Special Committees--As a service to our membership and the public, special committees or commissions or task forces are appointed as necessary to study and make recommendations in response to issues of significance to the legal profession or system of laws in Florida.

Bar Staff Organization and Responsibilities--The Florida Bar headquarters office has five divisions: Legal, Programs, Communications, Administration, and General Counsel. All of the Bar's programs fall under one of these divisions to ensure continuity and effectiveness.

Each division director reports to the executive director, who in turn reports to the Board of Governors.

Departmental responsibilities are created to support programs and activities described elsewhere in this presentation. Each committee, section, and program is assigned at least one staff liaison. An experienced staff of professionals provides strong support for Bar activities.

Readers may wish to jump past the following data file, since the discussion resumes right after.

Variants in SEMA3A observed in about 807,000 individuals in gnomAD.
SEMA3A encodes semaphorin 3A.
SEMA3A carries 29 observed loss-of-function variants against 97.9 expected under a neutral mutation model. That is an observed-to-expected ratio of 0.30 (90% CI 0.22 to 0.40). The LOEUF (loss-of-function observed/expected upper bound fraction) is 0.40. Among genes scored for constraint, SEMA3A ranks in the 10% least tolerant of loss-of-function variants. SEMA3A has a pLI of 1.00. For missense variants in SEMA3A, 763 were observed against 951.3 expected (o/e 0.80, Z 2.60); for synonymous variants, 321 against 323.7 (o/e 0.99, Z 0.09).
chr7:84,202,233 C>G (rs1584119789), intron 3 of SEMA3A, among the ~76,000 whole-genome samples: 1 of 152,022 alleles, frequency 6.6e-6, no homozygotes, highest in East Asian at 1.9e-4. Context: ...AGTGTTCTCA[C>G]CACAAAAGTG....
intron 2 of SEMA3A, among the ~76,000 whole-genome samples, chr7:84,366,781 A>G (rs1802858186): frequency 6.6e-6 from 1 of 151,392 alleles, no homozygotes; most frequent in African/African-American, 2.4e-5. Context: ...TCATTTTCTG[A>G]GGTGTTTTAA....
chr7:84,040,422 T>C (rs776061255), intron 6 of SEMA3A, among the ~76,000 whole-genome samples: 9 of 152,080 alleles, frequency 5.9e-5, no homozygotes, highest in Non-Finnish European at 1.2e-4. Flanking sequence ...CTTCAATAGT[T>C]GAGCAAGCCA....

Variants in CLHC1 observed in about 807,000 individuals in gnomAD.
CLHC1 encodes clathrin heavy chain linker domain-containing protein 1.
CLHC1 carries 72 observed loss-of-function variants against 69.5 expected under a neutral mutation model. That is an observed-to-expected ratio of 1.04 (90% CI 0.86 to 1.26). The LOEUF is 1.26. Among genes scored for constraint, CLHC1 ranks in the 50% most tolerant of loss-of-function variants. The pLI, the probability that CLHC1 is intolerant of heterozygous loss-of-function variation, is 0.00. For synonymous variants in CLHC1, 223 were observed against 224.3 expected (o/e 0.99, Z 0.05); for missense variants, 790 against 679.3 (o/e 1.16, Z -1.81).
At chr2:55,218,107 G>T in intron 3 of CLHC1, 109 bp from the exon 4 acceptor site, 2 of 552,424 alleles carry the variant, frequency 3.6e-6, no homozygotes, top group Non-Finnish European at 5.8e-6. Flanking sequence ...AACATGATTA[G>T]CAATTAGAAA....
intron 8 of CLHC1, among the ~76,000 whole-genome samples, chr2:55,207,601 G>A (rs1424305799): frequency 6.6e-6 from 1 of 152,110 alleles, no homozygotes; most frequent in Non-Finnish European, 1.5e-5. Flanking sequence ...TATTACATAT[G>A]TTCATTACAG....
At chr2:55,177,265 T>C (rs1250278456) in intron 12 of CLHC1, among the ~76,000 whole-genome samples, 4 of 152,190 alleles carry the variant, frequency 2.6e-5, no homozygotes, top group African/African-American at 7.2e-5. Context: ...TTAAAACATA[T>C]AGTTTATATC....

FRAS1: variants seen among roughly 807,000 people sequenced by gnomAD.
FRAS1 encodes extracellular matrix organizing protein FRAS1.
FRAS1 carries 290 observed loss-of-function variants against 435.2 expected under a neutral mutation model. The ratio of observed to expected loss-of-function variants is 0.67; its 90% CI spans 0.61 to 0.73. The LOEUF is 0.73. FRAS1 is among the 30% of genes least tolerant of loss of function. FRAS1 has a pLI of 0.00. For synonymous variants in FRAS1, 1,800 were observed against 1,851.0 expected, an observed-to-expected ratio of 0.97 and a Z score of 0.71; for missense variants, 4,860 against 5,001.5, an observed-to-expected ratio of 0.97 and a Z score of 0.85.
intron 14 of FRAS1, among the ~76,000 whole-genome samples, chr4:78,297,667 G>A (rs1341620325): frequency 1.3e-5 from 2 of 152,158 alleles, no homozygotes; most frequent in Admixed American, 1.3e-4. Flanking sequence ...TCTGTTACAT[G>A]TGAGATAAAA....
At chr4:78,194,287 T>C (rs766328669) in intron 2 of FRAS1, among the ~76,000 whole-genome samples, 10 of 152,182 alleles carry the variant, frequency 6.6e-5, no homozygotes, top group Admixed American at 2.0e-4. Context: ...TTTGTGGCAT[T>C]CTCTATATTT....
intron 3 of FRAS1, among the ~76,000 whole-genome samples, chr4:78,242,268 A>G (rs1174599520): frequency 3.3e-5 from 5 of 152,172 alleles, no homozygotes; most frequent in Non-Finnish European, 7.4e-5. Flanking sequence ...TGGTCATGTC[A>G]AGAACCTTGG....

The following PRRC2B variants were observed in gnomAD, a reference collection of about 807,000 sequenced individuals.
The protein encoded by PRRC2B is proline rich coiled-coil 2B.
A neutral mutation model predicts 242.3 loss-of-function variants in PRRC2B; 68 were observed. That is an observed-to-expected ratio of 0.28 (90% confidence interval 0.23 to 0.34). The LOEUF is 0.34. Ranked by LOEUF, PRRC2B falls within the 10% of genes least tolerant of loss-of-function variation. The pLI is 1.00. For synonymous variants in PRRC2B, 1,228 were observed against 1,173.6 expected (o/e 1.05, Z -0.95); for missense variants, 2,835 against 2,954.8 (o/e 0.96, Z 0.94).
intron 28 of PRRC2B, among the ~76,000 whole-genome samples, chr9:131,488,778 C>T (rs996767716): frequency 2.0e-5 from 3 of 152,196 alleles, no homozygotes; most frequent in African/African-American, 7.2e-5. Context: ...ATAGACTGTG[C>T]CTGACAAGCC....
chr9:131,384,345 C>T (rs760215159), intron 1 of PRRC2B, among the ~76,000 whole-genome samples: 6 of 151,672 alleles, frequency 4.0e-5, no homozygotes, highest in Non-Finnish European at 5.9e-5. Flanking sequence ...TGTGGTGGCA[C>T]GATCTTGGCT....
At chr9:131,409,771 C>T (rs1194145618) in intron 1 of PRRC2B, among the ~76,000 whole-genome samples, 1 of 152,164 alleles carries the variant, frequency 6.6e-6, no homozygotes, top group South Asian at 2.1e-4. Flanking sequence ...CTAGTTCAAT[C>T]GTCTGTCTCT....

Financial Organization--The Florida Bar's 2002-2003 operating budget is $28.6 million. Membership fees account for only 65 percent, or $18.5 million, of that amount.

The additional revenues come from nonfees sources, generated by various Bar programs and member services such as: continuing education fees; sale of ad space in The Florida Bar Journal and News; rental of exhibit space at Bar meetings; and through Florida Supreme Court orders directing disciplined lawyers to pay prosecution costs.

A breakdown of the 2002-2003 General Fund budget reflects all Bar programs costs, including support services and overhead.

In keeping with applicable law regarding certain uses of mandatory membership fees, the legislative program is funded entirely from member fees. The legislative budget of $434,701 divided by the July 1, 2002 members in good standing of 70,758 gives a cost per member of the legislative program of approximately $6.14. A portion of this pro rata amount is subject to possible rebate under pertinent Bar rules.